Other inhibitory factors to iron absorption include chronic usage of antacids and PPI medications, high dose divalent minerals (Calcium/Zinc/megnesium), tannins in teas and coffees (the amount of people who was down iron medication with these is super annoying…)

If you made it to now, you could see how this issue might progress forwards, having a poor diet with a lot of inhibitory factors, a poor awareness of where you can get iron from combined with inadequate overall dietary intakes. If we factor in a menstrual cycle and intensive training blocks, it really isn’t a surprise that so many female athletes are developing iron deficiency and anemia, with a good proportion of male athletes suffering too.

Up next, how can an athlete bolster themselves against iron deficiency, what to look out for and how not taking care of this can have disastrous effects on your performance!

Until next time,

E

This article is going to be the first on the topic of iron, how much we need, the roles it plays, how it’s used, digested and how our body’s maintain our iron stores, and how athletes are more prone to having lower iron stores. This will all result in a final breakdown of anemia or iron deficiency development, and it’s effects on athletic performance.

Iron is found in our diets in both plant and animal products, and it is found in it’s elemental (ferric) form. Human’s need to consume iron on a daily basis, as we can store between 1-3g in the body, in various forms, but we lose iron all the time via intestinal cell recycling (enterocytes), sweat, menstrual cycles and loss of skin cells. These losses account for approx. 1-2mg per day. Iron is used to carry oxugen around the blood and in the muscles, it is also used ot make red blood cells in bone marrow and is stored in the liver mainly as ferritin, this is your back up store, inadequate iron will result in poorer oxygen transport, saturation and breathing difficulties, it can also lead to extreme fatigue and cognitive impairment.

Although iron is found in both plant and animal products, animal sources are typically more bioavailable, as they contain heme iron (hemoglobin + myoglobin), which is absorbed better than the non-heme iron found in plant products, due in part to the high level of phytates found in plant foods, which impact on absorption. The absorption rate of heme iron is around 15-35%, whereas non-heme iron absorbs at rates of 2-20%. The varied rates of absorption are down to the bioavailability, transporter acitivity and inhibitors – Calcium, Zinc, Magnesium, Polyphenols and tannins (things that give tea & coffee colour) will all impede on iron absorption. It is recommended to get between 10-20mg per day, people following plant based diets should aim closer to 20mg, whereas standard diets can aim between 10-15mg. Unless an individual has iron deficinecy anemia, classified as low ferritin stores, haemoglobin, increased transferrin and TIBC, supplements are not recommended. Iron shouldn’t be taken in a prophylactic manner, to prevent deficiency, in certain cases, it is warranted, but this is not applicable to 99% of poeple reading this. Interestingly enough, your body actually down-regulates iron absorption rates when your stores are adequate or high, to keep it in or bring back to range.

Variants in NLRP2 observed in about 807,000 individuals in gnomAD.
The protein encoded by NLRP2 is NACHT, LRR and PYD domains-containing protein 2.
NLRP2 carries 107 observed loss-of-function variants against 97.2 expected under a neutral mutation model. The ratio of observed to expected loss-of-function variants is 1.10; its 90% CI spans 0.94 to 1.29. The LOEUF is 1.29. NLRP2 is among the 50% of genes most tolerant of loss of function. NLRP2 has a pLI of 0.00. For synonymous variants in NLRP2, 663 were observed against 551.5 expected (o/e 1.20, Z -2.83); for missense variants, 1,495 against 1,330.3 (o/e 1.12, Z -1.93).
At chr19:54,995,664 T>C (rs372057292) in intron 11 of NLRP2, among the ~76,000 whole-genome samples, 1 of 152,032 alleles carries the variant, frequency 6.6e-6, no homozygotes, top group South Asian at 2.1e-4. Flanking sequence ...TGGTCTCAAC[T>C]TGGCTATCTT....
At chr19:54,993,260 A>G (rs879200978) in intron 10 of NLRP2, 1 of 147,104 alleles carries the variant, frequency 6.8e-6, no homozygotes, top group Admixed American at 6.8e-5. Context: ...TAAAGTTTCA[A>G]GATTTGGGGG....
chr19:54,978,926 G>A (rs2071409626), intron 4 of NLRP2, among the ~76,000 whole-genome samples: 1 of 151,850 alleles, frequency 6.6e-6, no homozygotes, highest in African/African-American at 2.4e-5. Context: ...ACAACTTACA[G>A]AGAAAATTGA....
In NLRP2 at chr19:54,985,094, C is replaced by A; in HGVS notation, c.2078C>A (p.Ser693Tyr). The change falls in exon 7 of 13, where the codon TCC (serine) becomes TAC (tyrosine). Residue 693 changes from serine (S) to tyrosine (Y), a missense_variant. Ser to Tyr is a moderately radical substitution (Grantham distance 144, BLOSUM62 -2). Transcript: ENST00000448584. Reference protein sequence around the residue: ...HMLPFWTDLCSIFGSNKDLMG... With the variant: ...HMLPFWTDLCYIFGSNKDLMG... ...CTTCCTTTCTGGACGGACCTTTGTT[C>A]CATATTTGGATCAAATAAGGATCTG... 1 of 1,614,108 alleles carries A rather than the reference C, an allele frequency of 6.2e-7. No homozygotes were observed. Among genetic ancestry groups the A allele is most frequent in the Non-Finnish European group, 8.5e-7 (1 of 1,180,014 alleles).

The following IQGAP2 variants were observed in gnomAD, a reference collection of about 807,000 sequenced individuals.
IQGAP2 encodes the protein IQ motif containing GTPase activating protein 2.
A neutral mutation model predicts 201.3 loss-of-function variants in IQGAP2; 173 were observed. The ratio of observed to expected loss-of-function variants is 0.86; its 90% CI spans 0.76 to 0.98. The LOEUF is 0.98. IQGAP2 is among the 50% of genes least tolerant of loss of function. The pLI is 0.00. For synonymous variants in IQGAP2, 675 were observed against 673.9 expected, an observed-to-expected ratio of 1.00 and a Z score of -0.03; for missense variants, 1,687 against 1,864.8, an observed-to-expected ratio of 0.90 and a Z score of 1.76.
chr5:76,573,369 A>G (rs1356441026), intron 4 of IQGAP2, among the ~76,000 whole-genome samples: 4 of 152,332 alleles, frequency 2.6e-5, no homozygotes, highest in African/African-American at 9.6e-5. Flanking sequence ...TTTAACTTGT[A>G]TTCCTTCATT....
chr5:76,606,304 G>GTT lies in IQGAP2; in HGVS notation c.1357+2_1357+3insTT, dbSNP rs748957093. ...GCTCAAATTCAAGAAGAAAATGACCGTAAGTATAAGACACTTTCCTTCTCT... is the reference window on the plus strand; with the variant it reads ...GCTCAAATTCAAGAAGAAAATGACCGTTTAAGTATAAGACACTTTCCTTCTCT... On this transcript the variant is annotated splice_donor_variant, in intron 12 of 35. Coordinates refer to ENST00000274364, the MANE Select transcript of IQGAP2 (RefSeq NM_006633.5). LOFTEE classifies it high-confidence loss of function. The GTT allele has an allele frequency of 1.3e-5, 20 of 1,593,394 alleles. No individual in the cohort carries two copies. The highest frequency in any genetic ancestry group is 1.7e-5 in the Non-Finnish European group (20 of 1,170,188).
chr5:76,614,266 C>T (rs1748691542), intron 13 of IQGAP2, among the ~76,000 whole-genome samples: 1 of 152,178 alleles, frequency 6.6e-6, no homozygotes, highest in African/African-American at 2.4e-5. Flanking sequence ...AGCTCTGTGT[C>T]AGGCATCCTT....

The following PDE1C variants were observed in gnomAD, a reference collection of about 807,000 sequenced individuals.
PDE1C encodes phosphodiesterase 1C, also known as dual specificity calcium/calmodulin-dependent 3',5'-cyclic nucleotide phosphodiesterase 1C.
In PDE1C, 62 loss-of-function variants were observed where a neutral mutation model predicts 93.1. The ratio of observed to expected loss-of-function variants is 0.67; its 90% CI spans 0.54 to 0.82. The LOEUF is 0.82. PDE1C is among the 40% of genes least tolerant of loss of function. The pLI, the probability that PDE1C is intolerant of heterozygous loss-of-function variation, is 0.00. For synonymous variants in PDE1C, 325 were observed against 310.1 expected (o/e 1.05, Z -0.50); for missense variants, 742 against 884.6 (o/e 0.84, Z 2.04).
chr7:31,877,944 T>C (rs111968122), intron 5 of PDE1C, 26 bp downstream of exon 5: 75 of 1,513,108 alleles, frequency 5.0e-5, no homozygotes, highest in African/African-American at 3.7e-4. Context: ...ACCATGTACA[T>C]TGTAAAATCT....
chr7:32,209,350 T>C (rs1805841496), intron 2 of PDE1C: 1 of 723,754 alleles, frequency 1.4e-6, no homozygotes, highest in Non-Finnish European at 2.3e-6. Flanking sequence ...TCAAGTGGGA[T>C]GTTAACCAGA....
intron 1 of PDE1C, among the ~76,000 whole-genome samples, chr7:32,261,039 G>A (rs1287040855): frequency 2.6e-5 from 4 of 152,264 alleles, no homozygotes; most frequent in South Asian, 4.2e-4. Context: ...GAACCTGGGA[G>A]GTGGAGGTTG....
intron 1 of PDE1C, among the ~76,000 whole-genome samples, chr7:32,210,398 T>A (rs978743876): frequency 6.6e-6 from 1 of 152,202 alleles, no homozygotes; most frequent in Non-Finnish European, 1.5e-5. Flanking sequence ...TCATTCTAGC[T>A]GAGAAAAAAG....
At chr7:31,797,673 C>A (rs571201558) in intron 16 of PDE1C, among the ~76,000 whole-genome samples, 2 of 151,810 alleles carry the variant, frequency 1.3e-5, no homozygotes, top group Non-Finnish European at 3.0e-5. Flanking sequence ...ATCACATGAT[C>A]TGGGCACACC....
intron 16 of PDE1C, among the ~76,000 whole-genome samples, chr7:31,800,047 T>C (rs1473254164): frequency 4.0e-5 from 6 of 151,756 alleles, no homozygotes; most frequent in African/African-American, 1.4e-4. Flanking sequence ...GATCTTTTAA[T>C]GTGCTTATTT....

It should be noted however, that consumption of vitamin C with iron rich foods, over rides any absorption inhibitors, as it is acidic, and helps activate the ascorbate ferrireductase transmembrane protein along cytochrome B, transforming the ferric iron into ferrous iron. Ferrous iron is then shuffled byt DMT1 into the intestinal cells (enterocyte). Heme iron has the distinct advantage of being absorbed directly by heme transporters, whereas the ferric iron must be reduced into ferrous iron first.